Kate Bush’s 1985 song “Running Up That Hill (A Deal With God)” from her fifth album, “Hounds of Love,” has gotten a new life from being included in the most recent season of “Stranger Things.” The song has risen to number one on the Billboard Global 200 and has become very popular on TikTok.

Since Kate Bush is now in the public mind again, I thought it was finally time to talk about one of my favorite albums from Bush, her fourth album, 1982’s “The Dreaming.”

“The Dreaming” was a turning point in Bush’s discography. It was the first album that she produced solely by herself, and this gave her the freedom to experiment with sounds, something she did not have on her three previous albums, “The Kick Inside” and “Lionheart” both in 1978 and “Never for Ever” in 1980. 

Too many “The Dreaming” is considered Bush’s “mad” album, and I can see why it can be a jarring experience at first listen. All these sounds compete against each other, but the more you listen to them, the more you see how great it is. 

Bush employs a wide array of instruments to get her visions across. One of the most prominent instruments is a didgeridoo used on the title track “The Dreaming”. The instruments that can be heard the most are drums and guitars. 

The percussion on this album gives it this foreboding feeling. The songs here have tension to them. “Pull Out the Pin” tensions come from blood-curdling screams and shouts in the music. In the opener “Sat In Your Lap,” tension is displayed in the lyrics where Bush sings about society’s pursuit of wanting to learn, but not devoting the appropriate time to these endeavors, “In my dome of ivory/A home of activity/I want the answers quickly/But I don’t have no energy/I hold a cup of wisdom/But there is nothing within.”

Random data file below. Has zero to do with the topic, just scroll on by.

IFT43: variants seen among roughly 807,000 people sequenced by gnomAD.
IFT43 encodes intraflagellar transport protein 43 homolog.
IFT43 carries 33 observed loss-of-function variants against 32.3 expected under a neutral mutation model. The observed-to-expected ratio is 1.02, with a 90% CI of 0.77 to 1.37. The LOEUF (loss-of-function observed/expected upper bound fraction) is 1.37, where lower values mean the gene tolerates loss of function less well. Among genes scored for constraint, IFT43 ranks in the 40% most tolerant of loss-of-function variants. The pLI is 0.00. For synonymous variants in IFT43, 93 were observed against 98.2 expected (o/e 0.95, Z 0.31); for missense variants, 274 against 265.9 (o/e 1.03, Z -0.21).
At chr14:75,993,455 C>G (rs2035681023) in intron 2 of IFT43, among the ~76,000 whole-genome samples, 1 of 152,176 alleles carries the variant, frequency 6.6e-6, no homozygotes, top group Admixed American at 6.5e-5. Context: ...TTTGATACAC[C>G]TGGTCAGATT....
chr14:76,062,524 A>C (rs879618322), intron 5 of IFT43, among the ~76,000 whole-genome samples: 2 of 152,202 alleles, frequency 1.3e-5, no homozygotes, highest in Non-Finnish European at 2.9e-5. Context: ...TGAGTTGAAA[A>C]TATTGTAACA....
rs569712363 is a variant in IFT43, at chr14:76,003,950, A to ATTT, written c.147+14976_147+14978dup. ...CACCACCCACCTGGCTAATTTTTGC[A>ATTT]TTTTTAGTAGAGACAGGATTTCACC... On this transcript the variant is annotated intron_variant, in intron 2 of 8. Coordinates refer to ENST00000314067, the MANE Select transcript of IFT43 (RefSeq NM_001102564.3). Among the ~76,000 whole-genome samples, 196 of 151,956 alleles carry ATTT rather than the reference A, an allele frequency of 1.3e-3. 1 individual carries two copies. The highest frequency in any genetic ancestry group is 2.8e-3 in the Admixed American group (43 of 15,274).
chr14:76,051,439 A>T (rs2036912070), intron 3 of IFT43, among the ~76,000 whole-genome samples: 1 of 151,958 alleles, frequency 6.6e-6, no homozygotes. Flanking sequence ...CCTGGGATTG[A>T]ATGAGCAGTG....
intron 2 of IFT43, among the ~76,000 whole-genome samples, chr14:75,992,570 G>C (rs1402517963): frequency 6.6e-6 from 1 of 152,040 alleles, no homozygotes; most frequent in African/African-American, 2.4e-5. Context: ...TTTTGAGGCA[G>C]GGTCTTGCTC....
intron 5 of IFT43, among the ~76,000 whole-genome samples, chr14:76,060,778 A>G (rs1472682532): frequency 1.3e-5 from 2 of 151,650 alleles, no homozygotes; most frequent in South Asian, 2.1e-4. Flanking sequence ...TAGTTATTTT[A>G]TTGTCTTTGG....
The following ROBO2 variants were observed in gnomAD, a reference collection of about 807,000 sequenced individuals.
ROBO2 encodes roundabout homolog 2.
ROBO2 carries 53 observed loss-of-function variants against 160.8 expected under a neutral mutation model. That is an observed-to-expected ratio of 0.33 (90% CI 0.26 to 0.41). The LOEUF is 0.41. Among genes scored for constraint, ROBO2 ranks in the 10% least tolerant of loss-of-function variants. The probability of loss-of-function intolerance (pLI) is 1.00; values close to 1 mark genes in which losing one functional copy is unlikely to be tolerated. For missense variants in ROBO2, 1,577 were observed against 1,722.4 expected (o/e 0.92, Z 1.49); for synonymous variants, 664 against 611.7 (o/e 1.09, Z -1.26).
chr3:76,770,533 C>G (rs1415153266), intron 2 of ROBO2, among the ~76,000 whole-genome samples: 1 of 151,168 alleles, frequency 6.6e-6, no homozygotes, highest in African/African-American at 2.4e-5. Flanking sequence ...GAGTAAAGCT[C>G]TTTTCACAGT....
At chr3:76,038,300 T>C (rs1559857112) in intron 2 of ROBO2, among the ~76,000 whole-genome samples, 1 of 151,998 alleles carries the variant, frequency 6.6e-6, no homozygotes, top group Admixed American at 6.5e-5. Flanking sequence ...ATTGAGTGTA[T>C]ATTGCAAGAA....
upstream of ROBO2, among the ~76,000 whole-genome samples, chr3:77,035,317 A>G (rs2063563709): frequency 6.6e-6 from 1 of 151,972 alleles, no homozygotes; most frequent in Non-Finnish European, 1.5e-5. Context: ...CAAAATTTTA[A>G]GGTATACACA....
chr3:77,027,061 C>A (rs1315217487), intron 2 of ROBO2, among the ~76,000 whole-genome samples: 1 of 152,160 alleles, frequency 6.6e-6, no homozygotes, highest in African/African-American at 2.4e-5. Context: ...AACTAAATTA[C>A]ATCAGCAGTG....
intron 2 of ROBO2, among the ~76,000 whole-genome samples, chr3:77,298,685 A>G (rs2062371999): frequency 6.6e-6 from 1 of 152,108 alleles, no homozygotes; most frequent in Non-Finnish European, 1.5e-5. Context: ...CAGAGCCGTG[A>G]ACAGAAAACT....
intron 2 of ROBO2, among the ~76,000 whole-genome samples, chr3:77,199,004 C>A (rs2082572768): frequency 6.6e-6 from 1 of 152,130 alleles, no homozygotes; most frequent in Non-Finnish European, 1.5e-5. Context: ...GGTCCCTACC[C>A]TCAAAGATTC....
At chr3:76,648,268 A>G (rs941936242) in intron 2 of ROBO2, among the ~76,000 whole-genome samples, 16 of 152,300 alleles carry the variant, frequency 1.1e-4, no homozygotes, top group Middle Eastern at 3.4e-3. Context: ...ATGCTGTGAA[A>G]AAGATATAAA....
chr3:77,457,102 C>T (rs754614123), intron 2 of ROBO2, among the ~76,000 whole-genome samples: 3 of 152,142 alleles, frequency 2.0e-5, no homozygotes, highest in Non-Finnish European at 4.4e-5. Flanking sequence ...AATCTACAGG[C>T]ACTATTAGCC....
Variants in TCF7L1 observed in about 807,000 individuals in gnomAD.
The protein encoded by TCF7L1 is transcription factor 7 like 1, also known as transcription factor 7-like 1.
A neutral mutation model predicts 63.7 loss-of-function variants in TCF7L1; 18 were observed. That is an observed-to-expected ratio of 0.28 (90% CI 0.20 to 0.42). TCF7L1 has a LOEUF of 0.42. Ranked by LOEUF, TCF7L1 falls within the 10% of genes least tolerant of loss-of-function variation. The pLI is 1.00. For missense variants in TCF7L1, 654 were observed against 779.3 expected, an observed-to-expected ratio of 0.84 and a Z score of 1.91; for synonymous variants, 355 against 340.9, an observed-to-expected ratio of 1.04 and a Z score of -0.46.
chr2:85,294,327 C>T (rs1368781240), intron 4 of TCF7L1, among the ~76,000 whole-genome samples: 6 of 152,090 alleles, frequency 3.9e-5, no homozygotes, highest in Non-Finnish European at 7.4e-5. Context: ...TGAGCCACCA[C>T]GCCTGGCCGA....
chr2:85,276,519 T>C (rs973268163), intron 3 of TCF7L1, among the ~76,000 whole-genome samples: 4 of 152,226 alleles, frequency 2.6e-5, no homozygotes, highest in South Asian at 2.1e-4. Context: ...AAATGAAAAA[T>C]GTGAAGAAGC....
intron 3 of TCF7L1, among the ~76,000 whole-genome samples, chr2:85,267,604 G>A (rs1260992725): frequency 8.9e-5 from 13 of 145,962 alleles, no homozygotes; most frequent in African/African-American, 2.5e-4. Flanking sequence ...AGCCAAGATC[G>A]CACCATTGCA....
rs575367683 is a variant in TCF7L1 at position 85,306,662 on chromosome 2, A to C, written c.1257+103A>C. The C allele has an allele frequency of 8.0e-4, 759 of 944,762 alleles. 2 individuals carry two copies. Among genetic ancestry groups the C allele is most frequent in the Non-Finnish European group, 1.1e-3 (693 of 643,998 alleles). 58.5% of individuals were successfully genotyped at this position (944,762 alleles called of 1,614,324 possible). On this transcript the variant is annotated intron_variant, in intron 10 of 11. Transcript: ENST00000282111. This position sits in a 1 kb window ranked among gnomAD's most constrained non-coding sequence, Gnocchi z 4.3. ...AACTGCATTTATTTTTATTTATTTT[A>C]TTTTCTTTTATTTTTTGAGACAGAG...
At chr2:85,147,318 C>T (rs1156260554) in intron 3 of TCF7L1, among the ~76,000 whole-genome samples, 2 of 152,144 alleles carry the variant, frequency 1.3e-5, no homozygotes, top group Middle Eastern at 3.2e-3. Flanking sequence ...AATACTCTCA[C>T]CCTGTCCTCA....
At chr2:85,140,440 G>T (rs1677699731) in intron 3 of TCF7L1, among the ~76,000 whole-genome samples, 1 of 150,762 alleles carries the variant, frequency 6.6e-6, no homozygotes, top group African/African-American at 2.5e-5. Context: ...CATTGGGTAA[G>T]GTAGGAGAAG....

Kate Bush’s literary influence comes into play (something you will see on all her albums) on “The Shining” inspired track “Get Out of My House.” Her use of “The Shining” and the characters’ isolation in the Overlook Hotel parallels directly with the isolation the singer feels after a breakup. Lyrics such as “I will not let you in!/Don’t you bring back the reveries/I’ll turn into a bird/Carry further than the word is heard” express how much pain she has been going through since the ending of the relationship. 

Some deep cuts off “The Dreaming” that need the attention is the emotional rollercoaster that is “Houdini” with its use of violins and pianos makes it a personal favorite of mine. “All the Love” has this otherworldly quality, especially with the whispery pre-chorus, “I needed you/To love me too/I wait for your move.” Bush’s voice is full of anguish and regrets on this track.

“The Dreaming” shows Bush finally growing her artistic voice, something that is seen more in the next two albums, the aforementioned “Hounds of Love” and its follow-up 1989’s “The Sensual World.” Bush’s vocals on “The Dreaming” are much more profound and take on this dramatic quality like she is playing different characters in a performance. 

There are hints of what Bush would do in the future on “The Dreaming.” The fifth track, “Leave It Open,” sounds like it would have fit perfectly on the second side of “Hounds of Love” called the “The Ninth Wave.” 

“The Dreaming,” in the end, was a step forward for Kate Bush musically and lyrically. Showing that she had much more to sing in the years to come.